Sigma continues to amaze with their lineup of lenses ,and at the end of the year, I finally got to try out one for the Micro Four Thirds (M43) and Sony E mount system, the Sigma 16mm f/1.4 DC Contemporary lens for APS-C cameras. I used this on my Olympus OM-D EM5 II for a week in Florida while art-directing a shoot, and overall, I was pleasantly surprised and might pick it up. The build quality, sharpness, and speed mean it might be worth picking up if you shoot either of these systems.
Call me a Sigma fanboy, but they simply make great products. I have shot Canon for years, dabbled in Sony, and now added Olympus to the mix for all-around shooting that isn't commercial work. I've been able to shoot with a myriad of lenses over the years but rarely own too many at a time. I'm simple; I like what I like. I've been lucky to shoot and play with many Canon L series lenses borrowed from friends, but I officially started out by buying the Sigma 30mm f/1.4 DC HSM Art for APS-C sensors. When I upgraded to full frame in the Canon 6D and 5D Mark IV I grabbed their 35mm f/1.4 Art. It was an obvious choice for the all-around shooting I do and product-based shoots I'm usually bidding on.
Right off the bat, the build quality is great. As soon as I opened the box, I was searching for the Art "A" labeling, because it feels just as good as the high-end glass that Sigma makes and excels at, though this is in the "C" (Contemporary) class. Size is a little long for a prime, but I understand they love to boast incredible sharpness and quality with the layering of glass they provide, so I get the length. Compared to my super-compact Olympus OM-D EM5 II it seems a little funny. I never really looked at price until starting to write this review. It's not bad; it's a little high but right where I would expect it to be for this quality.
Who Is It For?
This specific lens is for those with Sony E mount (APS-C) and Micro Four Thirds (M43). I personally have the Olympus system and love it. The focal length on this sensor size is a 32mm full-frame equivalent. For Sony, it would be right around 24mm. For those with the smaller sensor sizes, this could be a great high-quality lens to get you started on your path to professional shooting. You will get great images and find a beautiful build for everyday use without worrying about it falling apart.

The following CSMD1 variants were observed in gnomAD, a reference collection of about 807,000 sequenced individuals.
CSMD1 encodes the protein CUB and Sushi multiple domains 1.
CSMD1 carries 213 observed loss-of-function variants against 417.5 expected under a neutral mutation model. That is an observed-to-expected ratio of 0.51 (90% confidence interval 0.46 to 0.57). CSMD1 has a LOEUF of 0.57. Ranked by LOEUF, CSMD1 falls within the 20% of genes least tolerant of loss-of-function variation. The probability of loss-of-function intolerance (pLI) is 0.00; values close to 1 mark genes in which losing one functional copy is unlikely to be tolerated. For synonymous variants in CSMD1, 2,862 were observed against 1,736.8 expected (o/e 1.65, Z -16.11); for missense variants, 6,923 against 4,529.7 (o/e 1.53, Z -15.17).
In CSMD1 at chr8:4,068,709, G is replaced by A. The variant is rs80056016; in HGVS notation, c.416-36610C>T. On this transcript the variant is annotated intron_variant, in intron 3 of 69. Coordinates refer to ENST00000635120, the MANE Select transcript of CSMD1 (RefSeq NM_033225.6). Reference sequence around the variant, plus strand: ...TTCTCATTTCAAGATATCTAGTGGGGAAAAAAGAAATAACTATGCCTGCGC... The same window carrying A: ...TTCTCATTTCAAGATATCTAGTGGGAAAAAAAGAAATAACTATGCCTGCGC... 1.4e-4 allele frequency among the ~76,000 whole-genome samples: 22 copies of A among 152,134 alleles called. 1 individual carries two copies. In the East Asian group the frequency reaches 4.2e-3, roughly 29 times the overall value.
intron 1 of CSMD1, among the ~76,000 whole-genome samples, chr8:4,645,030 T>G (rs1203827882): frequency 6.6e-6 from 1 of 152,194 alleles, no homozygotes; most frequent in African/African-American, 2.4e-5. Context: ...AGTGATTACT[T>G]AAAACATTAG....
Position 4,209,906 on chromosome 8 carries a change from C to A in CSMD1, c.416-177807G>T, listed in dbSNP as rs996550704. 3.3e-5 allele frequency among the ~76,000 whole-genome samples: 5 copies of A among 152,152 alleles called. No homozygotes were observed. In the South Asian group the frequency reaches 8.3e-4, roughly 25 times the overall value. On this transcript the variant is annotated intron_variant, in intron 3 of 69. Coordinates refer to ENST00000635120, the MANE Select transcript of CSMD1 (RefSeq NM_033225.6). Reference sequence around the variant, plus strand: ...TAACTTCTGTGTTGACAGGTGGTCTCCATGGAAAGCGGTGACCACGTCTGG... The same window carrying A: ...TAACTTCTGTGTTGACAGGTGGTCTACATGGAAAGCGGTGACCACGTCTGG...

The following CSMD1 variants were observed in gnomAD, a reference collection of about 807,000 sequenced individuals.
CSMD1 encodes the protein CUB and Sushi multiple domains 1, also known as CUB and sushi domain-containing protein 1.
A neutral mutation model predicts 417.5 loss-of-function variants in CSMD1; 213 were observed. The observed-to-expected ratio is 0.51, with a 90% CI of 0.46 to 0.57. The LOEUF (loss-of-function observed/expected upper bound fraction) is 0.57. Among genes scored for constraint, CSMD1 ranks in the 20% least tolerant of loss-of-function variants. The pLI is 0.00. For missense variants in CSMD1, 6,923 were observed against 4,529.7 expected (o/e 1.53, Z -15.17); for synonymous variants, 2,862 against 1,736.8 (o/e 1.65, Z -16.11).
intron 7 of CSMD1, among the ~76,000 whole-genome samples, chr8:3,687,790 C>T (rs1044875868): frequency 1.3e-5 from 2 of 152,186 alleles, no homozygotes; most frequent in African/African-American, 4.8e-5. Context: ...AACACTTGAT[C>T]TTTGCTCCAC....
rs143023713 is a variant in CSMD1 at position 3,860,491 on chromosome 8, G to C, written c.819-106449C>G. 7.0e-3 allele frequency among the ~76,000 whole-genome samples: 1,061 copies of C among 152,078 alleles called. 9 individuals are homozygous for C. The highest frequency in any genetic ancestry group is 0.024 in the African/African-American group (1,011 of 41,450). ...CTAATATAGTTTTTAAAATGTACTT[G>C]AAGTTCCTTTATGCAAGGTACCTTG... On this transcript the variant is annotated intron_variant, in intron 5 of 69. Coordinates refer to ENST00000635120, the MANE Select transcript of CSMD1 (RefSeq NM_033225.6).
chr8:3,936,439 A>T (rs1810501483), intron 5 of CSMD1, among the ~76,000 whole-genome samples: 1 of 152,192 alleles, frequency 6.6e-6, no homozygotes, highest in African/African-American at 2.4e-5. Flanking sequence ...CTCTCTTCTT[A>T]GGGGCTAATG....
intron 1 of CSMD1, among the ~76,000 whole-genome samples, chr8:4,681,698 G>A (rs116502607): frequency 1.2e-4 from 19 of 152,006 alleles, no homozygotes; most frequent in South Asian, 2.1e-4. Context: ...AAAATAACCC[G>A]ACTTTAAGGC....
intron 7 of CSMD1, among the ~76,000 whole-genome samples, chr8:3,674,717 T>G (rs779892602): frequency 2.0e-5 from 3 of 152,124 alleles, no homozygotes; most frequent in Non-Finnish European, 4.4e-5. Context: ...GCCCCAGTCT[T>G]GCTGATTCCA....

Build quality is just incredible. You pay for that in the $450 price tag, but I welcome it. I want something that will last and I want it to perform when pushed in and out of my camera bag with other gear. Not that I throw my lenses around, but it's a good feeling to know the investment is worth it. The entire body is not metal like the Art lens series, but it's pretty close. The base near the metal lens mount is a very hard plastic as is the filter ring.
Here are a handful of those test shots while out on a scout day.
Yea, but how well does it shoot wide open? This was my biggest mystery when getting a wide prime for Micro Four Thirds (M43). Is the depth of field you would get with a APS-C or full frame sensor there? To quickly answer that, yes. The bokeh was great, far better than what I had read by other photographers and more than enough to separate my subject from the background at f/1.4 through f/2.8.
What I Liked
- Build quality
What I Didn't Like
- No external focus switch, only digital in camera
- Price (though very high quality for this range, I could see it being a greater value at $350-400)
As I mentioned, I think this is an outstanding lens, one I will look to buy for the Olympus system I have to supplement the 12-40mm f/2.8 lens I already own. The price might be a little high, but it's still a great buy for anyone looking to expand upon their photography with a more quality lens with fast optics. I've never been disappointed with Sigma and could argue that they make just as good of glass as the high-end Canon and Nikon lenses if not better in some cases.